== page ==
Stop Self-Criticizing, Start Meditating by Crystal Fenton

Optimal Living Daily

04:49 min | 2 weeks ago

Stop Self-Criticizing, Start Meditating by Crystal Fenton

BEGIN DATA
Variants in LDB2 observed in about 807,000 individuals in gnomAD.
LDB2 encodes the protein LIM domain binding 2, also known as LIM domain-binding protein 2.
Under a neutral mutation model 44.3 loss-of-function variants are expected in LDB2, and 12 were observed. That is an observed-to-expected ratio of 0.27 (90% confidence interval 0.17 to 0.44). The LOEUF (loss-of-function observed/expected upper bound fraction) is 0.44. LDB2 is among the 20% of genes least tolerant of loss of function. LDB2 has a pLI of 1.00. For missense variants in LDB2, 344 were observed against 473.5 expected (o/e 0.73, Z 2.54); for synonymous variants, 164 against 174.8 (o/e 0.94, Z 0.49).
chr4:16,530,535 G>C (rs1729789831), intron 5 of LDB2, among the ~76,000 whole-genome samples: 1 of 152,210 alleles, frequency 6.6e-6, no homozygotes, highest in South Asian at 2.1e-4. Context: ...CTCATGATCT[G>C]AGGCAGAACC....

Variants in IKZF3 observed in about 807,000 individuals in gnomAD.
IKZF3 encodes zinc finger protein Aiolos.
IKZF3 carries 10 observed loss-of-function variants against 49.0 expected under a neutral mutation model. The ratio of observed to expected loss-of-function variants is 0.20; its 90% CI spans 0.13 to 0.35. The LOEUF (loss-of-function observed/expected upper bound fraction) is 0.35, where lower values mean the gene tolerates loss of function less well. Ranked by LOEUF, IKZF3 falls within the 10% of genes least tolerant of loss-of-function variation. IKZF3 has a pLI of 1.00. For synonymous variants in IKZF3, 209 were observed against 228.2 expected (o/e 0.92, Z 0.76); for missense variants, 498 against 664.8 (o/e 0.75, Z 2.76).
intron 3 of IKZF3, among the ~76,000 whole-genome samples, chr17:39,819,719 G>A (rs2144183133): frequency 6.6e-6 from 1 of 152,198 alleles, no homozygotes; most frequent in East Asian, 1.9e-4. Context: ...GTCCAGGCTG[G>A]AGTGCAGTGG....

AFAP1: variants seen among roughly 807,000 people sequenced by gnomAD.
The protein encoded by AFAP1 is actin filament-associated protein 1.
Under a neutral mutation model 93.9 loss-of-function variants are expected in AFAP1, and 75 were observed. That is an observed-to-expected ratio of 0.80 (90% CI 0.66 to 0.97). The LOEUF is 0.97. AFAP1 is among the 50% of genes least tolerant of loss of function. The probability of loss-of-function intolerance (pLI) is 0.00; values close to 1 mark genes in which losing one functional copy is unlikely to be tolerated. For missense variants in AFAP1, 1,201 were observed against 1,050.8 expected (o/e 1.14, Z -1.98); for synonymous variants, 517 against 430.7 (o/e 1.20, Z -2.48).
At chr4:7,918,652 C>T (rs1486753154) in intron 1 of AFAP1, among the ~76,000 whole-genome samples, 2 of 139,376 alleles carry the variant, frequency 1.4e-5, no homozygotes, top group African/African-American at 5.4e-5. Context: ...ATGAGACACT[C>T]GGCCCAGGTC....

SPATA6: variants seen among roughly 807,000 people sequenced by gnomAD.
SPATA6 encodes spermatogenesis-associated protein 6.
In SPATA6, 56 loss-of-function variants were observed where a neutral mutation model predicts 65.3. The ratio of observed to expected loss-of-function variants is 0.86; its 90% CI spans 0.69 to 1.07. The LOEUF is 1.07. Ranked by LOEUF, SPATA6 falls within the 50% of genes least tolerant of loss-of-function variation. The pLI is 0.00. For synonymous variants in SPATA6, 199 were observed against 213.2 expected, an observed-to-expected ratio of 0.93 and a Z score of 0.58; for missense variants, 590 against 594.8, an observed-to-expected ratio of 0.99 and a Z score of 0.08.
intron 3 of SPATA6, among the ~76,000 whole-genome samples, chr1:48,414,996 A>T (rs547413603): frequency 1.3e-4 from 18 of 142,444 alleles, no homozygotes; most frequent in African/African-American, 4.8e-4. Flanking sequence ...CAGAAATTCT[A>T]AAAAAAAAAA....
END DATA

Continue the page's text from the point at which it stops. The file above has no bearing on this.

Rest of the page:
"Stop self criticizing. Start meditating by crystal fanton with mind body. Wise dot com admitted. You've been there acting as your own worst critic by doubting yourself as a writer and yoga instructor. I can attest to the idea. That perfectionism is indeed the enemy of the pen and of the self. So what do you do when you just can't seem to quiet that negative inner voice. Recent research shows learning how to meditate. Can't help practitioners guided meditations such as the loving kindness. Meditation have been shown to increase self compassion while decreasing self-criticism according to the experts meditation including mantra meditation lessons the extremities of negative thoughts changes patterns of belief and facilities learning how to forgive yourself. Meditation helps us avoid going down the rabbit hole of self critical thoughts as the act of coming back to the attention on the breath halts the process of criticism in its path says rachel schenken of mind body. Wise science supports this as shinkin explains for my neuropsychologist and scientific perspective neurons in the brain that fire together wire together quote breaking the cycle of self criticism by using the breath as an anchor also breaks self critical neurotransmitters from continuing firing together. Thus short-circuiting the brain self criticism mechanism. That may have once been on. Autopilot men quote. Dena kaplan founder of meditation community. The path belise. Meditation is extraordinarily powerful for self critical thoughts in three ways. The first is when you sit the critical voice in your head becomes quieter your mind spins less quickly and enters a feeling of calm and spaciousness kaplan tells rewire me. Second is powerful to become proud of yourself that you're taking the time to go deeper into the self decrease confidence that quells. Your critical side knows caplin third. Meditation gives you the power to make changes quote. It gives you in to see what's not serving you in the tools to choose to change those aspects of your personality and his way it helps us develop into the best version of ourselves and quote quite the body. calm the mind meditation. The simple act of bringing focused awareness to breath while in stillness calms essential nervous system and physical body while relaxing. The mind we the only animals who can consciously control our breath and this ability allows us to have a level of self management over our bodies and minds that no other living being can do says schenken quote. Meditation allows us to be responsive instead of reactive and challenging situations as trains our entire system to equilibrate even when we are not in our practice of meditation and quote. Remember that meditation is not the act of clearing the mind or thinking nothing rather it is the practice of continually bringing the wandering. Mind back to the breath over and over and over again with as little judgment and as much compassion as possible. According to kaplan our brains before trained are scattered with thoughts each second of every day once. You start meditating. A number of those thoughts come out so when you go about your day your mind is more settled and actually feels more clear. She says quote you become more open to learning new things and listening to and focusing on other people when they speak and quote. Meditation and action starts simple by downloading an app shinkin recommends insight timer or head space offering both silent and guided meditations. Find quiet space where he can take a comfortable seat. Turn on the meditation or timer rest hands comfortably in your lap. Sit as tall and vertical in the spine as he can and close the is softened all the muscles in your face and belly breathe in and out through your nose follow either. The instructions of the guided or silent. Meditation counting your breasts up to five and then began. If you lose count start over again schenken also recommends using a mantra meditation practice quote since letting go goes one of the most challenging things we face as human beings. One of my favourite standby mantras is to mentally. Say the word. Let on my inhale and go on sale. This is repeated over and over when my mind wanders my bring it back and continue until the timer goes off and quote. Beginners should start with an amount of time. That is sustainable. Try meditating three to five minutes every day of the first week then slowly build the amount of time. each week